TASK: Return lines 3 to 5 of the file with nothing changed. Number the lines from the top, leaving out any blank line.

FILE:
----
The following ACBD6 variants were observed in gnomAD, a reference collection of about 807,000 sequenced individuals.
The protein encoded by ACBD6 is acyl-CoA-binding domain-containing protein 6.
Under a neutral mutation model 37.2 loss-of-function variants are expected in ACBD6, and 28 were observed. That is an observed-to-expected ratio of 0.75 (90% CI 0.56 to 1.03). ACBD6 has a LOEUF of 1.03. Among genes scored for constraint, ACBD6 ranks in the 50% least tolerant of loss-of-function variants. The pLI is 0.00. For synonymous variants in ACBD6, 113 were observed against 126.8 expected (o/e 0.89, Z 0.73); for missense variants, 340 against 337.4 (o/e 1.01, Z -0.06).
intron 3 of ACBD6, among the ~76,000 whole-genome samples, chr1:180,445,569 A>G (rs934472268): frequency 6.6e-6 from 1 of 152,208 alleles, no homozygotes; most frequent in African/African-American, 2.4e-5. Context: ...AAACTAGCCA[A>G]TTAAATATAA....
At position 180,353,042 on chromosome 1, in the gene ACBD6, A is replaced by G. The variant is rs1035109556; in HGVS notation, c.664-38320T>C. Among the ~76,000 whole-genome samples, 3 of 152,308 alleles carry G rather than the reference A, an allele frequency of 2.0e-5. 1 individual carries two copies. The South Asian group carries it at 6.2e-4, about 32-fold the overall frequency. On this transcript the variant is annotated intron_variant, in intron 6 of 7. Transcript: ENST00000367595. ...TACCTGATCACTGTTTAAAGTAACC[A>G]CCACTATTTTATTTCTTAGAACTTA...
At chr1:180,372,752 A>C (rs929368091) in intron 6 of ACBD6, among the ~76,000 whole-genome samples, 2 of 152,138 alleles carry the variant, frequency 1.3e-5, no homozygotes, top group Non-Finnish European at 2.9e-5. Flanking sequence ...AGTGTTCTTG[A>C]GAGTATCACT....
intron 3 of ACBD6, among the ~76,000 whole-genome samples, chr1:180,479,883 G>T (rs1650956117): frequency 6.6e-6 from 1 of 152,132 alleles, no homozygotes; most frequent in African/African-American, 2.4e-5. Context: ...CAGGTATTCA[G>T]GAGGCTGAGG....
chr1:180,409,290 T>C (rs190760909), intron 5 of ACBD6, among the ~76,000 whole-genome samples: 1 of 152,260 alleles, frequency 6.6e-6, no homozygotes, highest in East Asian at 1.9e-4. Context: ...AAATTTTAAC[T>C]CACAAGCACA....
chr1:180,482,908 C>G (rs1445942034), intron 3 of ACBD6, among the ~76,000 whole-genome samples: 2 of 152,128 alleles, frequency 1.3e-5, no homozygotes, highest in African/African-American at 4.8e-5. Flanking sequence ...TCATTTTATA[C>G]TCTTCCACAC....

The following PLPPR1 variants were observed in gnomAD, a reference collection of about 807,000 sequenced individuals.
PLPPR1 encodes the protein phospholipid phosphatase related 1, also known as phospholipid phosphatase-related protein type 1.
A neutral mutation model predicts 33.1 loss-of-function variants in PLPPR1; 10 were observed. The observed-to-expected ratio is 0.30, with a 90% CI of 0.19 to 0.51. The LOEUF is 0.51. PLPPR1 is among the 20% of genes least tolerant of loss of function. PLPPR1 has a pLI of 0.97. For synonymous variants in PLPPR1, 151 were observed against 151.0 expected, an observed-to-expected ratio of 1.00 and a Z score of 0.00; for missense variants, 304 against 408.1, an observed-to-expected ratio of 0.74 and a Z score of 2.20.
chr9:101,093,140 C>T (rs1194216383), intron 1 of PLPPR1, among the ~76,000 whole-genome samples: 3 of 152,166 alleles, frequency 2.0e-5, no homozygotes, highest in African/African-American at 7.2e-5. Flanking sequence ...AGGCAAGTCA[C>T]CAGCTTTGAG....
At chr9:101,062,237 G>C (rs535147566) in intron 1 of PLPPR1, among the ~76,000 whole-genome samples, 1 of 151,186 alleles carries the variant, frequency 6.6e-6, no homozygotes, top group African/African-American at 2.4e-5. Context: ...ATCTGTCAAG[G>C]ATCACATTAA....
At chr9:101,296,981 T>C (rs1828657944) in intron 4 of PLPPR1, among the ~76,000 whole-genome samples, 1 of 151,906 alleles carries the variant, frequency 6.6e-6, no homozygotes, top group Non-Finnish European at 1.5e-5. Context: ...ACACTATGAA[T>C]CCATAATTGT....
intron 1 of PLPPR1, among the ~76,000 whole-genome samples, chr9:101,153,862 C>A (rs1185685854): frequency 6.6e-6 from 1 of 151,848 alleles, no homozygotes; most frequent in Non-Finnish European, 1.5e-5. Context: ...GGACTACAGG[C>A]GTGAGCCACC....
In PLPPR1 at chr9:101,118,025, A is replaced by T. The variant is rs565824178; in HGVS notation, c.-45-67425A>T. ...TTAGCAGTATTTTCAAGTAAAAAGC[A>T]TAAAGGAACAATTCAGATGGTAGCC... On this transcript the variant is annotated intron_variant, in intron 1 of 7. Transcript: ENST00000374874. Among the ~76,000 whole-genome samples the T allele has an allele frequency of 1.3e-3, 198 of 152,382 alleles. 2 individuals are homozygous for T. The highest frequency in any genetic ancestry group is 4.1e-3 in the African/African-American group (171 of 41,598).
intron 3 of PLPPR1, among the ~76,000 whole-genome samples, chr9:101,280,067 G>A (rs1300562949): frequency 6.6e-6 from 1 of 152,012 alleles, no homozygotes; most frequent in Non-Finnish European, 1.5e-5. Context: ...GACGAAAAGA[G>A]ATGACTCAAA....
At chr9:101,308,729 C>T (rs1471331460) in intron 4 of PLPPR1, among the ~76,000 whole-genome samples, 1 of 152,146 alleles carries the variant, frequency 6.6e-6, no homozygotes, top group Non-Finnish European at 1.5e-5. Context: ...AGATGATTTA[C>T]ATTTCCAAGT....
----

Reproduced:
Under a neutral mutation model 37.2 loss-of-function variants are expected in ACBD6, and 28 were observed. That is an observed-to-expected ratio of 0.75 (90% CI 0.56 to 1.03). ACBD6 has a LOEUF of 1.03. Among genes scored for constraint, ACBD6 ranks in the 50% least tolerant of loss-of-function variants. The pLI is 0.00. For synonymous variants in ACBD6, 113 were observed against 126.8 expected (o/e 0.89, Z 0.73); for missense variants, 340 against 337.4 (o/e 1.01, Z -0.06).
intron 3 of ACBD6, among the ~76,000 whole-genome samples, chr1:180,445,569 A>G (rs934472268): frequency 6.6e-6 from 1 of 152,208 alleles, no homozygotes; most frequent in African/African-American, 2.4e-5. Context: ...AAACTAGCCA[A>G]TTAAATATAA....
At position 180,353,042 on chromosome 1, in the gene ACBD6, A is replaced by G. The variant is rs1035109556; in HGVS notation, c.664-38320T>C. Among the ~76,000 whole-genome samples, 3 of 152,308 alleles carry G rather than the reference A, an allele frequency of 2.0e-5. 1 individual carries two copies. The South Asian group carries it at 6.2e-4, about 32-fold the overall frequency. On this transcript the variant is annotated intron_variant, in intron 6 of 7. Transcript: ENST00000367595. ...TACCTGATCACTGTTTAAAGTAACC[A>G]CCACTATTTTATTTCTTAGAACTTA...